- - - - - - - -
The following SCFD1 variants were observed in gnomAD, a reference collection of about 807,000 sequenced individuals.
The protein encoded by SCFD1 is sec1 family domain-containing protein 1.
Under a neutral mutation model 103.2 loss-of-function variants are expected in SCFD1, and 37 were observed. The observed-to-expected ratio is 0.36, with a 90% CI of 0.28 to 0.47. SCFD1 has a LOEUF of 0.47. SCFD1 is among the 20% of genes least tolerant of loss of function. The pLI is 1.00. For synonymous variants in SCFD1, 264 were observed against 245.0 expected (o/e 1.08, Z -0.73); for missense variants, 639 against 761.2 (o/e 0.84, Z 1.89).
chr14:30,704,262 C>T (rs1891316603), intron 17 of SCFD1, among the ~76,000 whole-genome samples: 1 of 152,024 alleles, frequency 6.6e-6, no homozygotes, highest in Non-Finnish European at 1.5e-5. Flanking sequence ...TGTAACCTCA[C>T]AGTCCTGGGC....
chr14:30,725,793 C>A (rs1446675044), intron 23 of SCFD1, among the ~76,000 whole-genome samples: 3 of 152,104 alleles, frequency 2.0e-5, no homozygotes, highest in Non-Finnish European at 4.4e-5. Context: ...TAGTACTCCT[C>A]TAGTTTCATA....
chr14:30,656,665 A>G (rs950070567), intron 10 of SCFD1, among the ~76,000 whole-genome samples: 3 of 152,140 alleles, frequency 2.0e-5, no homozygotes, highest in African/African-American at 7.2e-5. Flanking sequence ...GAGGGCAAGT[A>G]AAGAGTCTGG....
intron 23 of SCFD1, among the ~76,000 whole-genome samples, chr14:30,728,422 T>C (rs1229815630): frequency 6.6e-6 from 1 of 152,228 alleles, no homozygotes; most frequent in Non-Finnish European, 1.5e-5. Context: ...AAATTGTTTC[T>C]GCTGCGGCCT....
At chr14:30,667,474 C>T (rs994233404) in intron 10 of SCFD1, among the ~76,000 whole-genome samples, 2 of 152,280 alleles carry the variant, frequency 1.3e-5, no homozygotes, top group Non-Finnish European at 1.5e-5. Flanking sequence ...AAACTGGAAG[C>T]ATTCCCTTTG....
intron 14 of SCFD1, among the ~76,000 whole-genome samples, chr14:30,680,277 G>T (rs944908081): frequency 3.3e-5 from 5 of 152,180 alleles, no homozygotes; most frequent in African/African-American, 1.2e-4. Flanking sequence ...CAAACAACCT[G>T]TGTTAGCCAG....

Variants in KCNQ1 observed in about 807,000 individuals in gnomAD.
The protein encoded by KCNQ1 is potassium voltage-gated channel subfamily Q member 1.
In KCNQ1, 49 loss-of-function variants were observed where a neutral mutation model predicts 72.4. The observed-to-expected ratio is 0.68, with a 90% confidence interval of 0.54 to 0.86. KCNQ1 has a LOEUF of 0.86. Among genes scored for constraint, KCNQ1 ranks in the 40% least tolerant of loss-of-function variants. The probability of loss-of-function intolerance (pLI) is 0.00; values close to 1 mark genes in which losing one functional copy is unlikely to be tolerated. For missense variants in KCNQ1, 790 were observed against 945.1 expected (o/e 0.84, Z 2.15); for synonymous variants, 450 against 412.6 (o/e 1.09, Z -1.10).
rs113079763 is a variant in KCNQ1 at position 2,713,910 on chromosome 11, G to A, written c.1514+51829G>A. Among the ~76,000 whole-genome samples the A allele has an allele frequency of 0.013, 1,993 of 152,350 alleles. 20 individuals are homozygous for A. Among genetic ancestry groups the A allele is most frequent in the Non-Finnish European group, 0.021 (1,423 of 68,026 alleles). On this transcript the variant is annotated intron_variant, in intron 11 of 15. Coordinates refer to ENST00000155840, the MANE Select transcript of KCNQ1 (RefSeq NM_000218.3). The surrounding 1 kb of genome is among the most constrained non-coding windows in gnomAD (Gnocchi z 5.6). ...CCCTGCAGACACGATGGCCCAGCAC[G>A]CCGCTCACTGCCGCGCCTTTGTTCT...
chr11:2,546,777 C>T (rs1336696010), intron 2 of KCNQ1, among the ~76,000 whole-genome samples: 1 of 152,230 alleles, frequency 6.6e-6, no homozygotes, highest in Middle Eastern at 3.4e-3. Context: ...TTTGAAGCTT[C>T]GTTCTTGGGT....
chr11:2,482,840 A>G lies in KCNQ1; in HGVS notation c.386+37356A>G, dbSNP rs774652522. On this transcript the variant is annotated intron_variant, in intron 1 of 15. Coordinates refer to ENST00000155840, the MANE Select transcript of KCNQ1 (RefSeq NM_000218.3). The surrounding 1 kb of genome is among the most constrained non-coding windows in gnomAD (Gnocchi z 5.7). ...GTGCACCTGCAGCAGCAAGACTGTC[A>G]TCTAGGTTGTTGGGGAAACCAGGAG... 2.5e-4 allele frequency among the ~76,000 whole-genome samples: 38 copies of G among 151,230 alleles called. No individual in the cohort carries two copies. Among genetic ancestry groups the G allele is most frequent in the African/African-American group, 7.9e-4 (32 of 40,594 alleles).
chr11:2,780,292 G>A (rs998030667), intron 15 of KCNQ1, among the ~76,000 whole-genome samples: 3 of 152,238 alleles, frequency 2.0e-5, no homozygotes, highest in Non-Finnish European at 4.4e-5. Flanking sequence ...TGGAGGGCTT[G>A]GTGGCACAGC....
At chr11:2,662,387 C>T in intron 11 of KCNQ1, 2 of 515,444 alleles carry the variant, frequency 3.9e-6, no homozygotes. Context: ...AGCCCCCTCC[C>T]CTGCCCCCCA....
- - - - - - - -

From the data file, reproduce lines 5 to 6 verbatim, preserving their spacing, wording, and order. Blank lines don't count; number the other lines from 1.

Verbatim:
chr14:30,725,793 C>A (rs1446675044), intron 23 of SCFD1, among the ~76,000 whole-genome samples: 3 of 152,104 alleles, frequency 2.0e-5, no homozygotes, highest in Non-Finnish European at 4.4e-5. Context: ...TAGTACTCCT[C>A]TAGTTTCATA....
chr14:30,656,665 A>G (rs950070567), intron 10 of SCFD1, among the ~76,000 whole-genome samples: 3 of 152,140 alleles, frequency 2.0e-5, no homozygotes, highest in African/African-American at 7.2e-5. Flanking sequence ...GAGGGCAAGT[A>G]AAGAGTCTGG....